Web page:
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Shaun Powell

Tyreke Evans and Omri Casspi have Kings fans on their feet these days.
Rocky Widner/NBAE via Getty Images

Patience with youth paying off in OKC, Sacramento

Posted Jan 6 2010 12:24PM

About 10 years ago, the Bulls had this bright idea: Why not stack the team with youth, suffer through the growing pains, then watch the wins roll in once youth begins to bloom?

Well, drafting Eddy Curry and Tyson Chandler didn't exactly work out. Either the Bulls hitched themselves to the wrong players or the scheme was fraught with problems. The Bulls' patience wasn't rewarded and all they received for their experiment was a string of losing seasons and unfulfilled dreams.

So the whole idea about building primarily through youth is a total crapshoot, right? Try telling that to the Thunder. It's working out pretty well for Oklahoma City, thank you. And even though nothing's guaranteed, especially with regard to young players, whose future would you rather have: Oklahoma City's or, let's say, the Celtics?

There are two teams in the NBA falling in love with youth and more than willing to cope with any development issues. They have more barely-tapped talent than anyone, and would meet for the championship right now in a 23-and-under league. One team is obvious. The other might surprise you.

Here's an examination of some of the young involving selected 23-and-under players who haven't reached their primes with the Thunder and ... the Kings?

Kevin Durant, OKC, 21. Can he possibly win MVP this season? Or at least the scoring title? The answer to both is probably no, but just by being in the conversation for those two categories demonstrates just how fortunate the Thunder are to have the best young player in basketball. He just finished a streak of seven straight games of 30 points or more and is emerging as the rare player who will destroy anyone one-on-one. What's especially pleasing to coach Scott Brooks is how Durant buys into the concept of defense, often an irritant to big-time scorers. He's turning into a complete player, scary considering he's just getting started.

Russell Westbrook, OKC, 21. He has a tougher job than Durant merely because of the position he plays. Point guard is a big challenge for any young player, and while Westbrook doesn't have it down yet, he has all the tools to become a special player. He went for 29 points, seven rebounds and six assists against Derrick Rose, last year's top rookie. He's real.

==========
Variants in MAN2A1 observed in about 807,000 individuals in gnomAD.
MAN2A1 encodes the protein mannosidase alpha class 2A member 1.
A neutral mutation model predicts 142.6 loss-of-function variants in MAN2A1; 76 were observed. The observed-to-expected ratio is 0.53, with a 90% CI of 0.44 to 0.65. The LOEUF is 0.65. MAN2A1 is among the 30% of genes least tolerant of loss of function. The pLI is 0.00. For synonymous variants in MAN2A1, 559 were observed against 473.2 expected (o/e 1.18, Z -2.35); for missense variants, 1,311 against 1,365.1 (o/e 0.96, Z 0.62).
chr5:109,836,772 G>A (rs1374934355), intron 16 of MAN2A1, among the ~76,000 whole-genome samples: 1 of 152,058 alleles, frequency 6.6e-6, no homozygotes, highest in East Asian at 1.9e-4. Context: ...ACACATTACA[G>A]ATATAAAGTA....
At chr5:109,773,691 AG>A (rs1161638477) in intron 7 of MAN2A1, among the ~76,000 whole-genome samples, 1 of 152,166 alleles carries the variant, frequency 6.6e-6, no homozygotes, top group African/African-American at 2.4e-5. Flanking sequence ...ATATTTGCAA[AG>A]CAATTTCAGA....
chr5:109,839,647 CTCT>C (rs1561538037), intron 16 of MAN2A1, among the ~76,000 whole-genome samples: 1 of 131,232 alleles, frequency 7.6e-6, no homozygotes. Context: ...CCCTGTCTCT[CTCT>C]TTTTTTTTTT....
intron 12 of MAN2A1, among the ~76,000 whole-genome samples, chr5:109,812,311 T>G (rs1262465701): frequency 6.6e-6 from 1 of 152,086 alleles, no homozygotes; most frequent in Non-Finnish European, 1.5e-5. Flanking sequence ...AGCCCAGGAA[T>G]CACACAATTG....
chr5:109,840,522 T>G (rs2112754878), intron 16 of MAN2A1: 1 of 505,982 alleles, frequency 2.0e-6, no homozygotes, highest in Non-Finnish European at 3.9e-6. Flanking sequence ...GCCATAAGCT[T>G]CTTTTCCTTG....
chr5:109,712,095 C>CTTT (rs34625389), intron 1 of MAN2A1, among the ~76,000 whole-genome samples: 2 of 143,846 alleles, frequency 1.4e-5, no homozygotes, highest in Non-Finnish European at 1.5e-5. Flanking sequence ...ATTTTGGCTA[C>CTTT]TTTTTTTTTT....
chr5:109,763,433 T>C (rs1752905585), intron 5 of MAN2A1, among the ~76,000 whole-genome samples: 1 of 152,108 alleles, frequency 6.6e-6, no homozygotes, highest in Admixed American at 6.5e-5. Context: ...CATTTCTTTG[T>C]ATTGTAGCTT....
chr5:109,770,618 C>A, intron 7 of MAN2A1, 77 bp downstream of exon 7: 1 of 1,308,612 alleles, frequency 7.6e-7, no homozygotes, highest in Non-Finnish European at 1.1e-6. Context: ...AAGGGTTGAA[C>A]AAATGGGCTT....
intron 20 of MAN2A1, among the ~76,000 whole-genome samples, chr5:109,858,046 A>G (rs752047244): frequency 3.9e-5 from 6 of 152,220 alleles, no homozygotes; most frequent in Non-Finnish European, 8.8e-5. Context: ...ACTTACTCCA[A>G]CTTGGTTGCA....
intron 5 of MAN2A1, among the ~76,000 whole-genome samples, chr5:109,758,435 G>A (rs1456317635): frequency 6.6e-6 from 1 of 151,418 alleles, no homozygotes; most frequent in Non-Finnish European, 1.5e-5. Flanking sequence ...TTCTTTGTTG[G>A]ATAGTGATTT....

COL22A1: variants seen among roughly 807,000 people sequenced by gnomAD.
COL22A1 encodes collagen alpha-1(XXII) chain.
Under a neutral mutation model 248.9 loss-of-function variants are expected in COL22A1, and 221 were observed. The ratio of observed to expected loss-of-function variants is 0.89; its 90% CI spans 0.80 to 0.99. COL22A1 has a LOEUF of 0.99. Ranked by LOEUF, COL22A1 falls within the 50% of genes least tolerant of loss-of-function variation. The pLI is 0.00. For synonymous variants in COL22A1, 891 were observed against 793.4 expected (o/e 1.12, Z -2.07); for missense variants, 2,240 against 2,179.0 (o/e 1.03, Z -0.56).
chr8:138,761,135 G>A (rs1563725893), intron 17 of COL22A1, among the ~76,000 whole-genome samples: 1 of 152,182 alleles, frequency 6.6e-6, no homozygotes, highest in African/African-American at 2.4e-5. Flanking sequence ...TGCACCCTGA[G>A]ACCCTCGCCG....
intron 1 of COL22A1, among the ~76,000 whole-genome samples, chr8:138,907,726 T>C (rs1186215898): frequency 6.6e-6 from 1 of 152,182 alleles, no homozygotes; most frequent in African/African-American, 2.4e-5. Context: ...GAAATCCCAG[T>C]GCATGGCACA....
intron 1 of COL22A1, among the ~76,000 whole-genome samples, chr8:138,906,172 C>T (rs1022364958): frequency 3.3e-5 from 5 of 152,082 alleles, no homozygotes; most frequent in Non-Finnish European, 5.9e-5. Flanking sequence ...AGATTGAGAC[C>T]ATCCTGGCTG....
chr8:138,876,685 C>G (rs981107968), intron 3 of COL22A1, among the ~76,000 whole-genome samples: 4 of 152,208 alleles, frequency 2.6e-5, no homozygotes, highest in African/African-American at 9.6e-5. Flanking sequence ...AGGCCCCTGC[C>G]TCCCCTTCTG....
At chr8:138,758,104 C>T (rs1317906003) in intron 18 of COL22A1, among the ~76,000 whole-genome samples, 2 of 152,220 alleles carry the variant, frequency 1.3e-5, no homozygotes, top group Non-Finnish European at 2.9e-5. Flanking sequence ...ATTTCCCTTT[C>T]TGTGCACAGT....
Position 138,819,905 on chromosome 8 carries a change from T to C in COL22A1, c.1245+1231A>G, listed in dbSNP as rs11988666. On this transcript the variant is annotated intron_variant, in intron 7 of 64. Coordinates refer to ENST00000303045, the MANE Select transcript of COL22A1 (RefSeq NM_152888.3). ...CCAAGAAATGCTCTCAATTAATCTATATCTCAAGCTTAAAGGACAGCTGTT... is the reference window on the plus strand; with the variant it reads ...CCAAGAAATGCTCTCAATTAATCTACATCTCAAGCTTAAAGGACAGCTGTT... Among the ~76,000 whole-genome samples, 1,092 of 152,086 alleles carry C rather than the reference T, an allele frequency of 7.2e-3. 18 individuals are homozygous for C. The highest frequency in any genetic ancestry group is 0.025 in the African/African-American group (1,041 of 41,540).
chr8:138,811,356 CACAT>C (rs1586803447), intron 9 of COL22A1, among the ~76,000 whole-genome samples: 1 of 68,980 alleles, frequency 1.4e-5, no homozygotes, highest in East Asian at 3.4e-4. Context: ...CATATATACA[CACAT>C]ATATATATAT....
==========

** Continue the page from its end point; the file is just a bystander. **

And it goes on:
Jeff Green, OKC, 23. He's due for a breakout year, either now or next. He averaged 13.8 points in November and 14.5 in December, and while his shooting comes and goes, he rides a solid shotgun position next to Durant. Already, Green is one of the more improved players in basketball.

James Harden, OKC, 20. Lots of NBA people like his game. The tools and the feel are there; it's just a matter of Harden developing some consistency and pushing for minutes. That may not happens in this, his rookie season. Still, he's a big part of the rotation already.

Eric Maynor, OKC, 22. A gift from the Jazz, who had to give him away for luxury tax reasons. He's not quite on Westbrook's level, especially physically, but gives the Thunder a nice young backup who can change the tempo of the game.

Tyreke Evans, Kings, 20. He was NBA-ready after his first practice, and is now the best rookie in basketball. Big, strong (6-foot-6, 200) and quick, they don't make too many point guards like him. Tends to play up to the level of his competition (25 points, nine rebounds, five assists against Chris Paul) but also seems to get his share of nagging injuries (lately, the ankle). It's quite possible that the only player 21-and-under who's better is Durant. Evans is the type of point guard who could spend the bulk of his career averaging 20 points, seven or eight assists and six or seven rebounds.

Jason Thompson, Kings, 23. Still somewhat rough around the edges but clearly a big-man talent who someday could routinely get double-doubles once he gets comfortable in his own skin. He's fairly consistent on a nightly basis; rarely spectacular. But he hasn't entered his prime yet. The Kings just need to be patient.

Omri Casspi, Kings, 21. He's one of the more pleasant surprises this season. A nice shooter with decent range who is on quite a roll and appears to have a solid NBA future. Not bad for the 23rd pick from Israel.

Spencer Hawes, Kings, 21. He went for 30 points and 11 rebounds in a career night against the Lakers, but overall his numbers are down from a year ago. This was the season the Kings expected Hawes to make a leap and become the next Brad Miller. But, again, he has the benefit of time.

Sergio Rodriguez, Kings, 23. He often fills in well when given decent minutes but for now, strictly a decent backup, with Evans around.

Donte Green, Kings, 21. He has scored 20 or more points four times and in time could push for more minutes and a bigger role.

Shaun Powell is a veteran NBA writer and columnist. You can e-mail him here.

The views on this page do not necessarily reflect the views of the NBA, its clubs or Turner Broadcasting.

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